- History Undressed provides an interesting post on the History of Hygiene, Bathing, Teeth Cleaning, Toileting and Deoderizing, including details about the Regency era.
Earlier in the nineteenth century the hands, feet and face were regularly washed as in previous centuries, and the rest of your body every few weeks or longer. However the tides quickly changed.
It is said that Beau Brummel bathed every day, and made this more popular among the aristocrats. He believed men should smell clean, without the use of perfumes.
- Edwardian Promenade wrote a fascinating piece about The Shoe Queen: Rita Lydig, whose shopping addiction led to her downfall.
She was a confessed shopaholic, never ordering one thing of a kind, but duplications of each item by the dozens, often with the slightest of variations in materials, lace or design. It was not uncommon for her closet to boast twenty-five copies of a favorite coat. However Rita didn’t dress for display; she dressed for art. Each item was but a piece on the canvas of her body, to convey a mood perhaps, or a “look” she felt that day.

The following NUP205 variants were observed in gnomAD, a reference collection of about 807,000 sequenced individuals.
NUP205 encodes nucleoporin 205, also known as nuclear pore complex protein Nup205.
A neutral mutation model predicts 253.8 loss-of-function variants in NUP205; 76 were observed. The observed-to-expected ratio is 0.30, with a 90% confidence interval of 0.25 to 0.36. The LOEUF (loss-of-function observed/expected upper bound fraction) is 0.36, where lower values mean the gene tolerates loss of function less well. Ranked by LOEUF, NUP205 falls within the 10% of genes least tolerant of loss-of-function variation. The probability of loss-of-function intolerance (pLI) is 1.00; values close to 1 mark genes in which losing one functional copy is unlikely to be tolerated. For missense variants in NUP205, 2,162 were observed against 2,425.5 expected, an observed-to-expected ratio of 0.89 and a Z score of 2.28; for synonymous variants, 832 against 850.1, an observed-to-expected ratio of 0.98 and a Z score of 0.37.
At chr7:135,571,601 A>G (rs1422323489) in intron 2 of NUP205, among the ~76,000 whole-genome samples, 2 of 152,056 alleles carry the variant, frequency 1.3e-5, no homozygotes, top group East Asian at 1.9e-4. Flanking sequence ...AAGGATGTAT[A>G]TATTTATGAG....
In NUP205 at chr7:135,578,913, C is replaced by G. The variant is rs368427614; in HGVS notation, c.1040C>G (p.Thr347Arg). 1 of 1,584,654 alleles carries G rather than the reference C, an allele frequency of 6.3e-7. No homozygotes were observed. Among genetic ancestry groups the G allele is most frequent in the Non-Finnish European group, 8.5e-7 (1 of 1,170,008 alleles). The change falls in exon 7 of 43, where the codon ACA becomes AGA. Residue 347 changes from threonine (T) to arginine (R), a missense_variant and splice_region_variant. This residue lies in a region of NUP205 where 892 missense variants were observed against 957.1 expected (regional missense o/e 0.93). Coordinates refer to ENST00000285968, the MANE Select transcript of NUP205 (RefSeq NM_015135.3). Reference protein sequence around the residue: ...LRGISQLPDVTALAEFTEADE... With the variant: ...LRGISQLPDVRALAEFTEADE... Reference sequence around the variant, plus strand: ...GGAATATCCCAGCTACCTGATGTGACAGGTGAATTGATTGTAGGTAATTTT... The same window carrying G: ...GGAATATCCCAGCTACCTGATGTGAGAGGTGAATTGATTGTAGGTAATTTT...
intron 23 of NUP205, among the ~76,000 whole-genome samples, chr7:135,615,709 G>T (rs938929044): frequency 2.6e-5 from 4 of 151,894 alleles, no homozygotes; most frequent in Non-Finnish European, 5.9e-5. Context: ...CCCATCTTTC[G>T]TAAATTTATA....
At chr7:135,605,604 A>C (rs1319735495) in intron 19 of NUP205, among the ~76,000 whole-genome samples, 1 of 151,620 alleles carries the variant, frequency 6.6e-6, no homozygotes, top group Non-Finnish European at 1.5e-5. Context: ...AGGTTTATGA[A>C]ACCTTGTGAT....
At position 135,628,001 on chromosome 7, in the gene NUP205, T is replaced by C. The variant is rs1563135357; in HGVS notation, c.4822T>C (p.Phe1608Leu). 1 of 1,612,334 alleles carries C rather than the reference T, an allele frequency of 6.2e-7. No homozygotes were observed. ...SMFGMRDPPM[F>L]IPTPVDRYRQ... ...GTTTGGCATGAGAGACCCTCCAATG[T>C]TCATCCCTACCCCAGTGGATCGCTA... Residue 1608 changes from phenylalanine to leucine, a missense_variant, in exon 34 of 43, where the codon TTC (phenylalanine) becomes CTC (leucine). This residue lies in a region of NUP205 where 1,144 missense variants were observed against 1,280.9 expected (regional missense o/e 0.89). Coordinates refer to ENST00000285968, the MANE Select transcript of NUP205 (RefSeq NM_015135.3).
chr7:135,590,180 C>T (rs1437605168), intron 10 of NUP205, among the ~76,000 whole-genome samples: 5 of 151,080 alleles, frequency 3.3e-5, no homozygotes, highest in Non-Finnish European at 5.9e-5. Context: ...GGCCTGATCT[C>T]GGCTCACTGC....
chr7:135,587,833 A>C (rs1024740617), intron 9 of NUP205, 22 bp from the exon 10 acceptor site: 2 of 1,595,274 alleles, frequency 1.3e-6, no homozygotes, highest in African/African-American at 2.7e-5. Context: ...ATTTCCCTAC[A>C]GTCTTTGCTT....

- Scandalous Woman offers up the Scandalous Life of Elizabeth Chudleigh, whose trial for bigamy and subsequent divorce titillated 18th century tabloids and scandalized the lower classes.
Elizabeth, now that she was settled as the Duke’s mistress and had no more money worries, began to spend lavishly, buying property in London and in the country. She had a house built in London which she named Chudleigh House (after her marriage, it was renamed Kingston House). She also began to entertain, planning lavish parties for her royal friends. She was still one of the Princess of Wale’s Maids of Honor, and her mother had now moved to Windsor as the Royal Housekeeper.
- Jane Austen in Vermont provides a series of links to undergarments in this post, which also refers to the recent sale of Queen Victoria’s enormous bloomers. The queen was only 5′ tall, but her waist was 50″.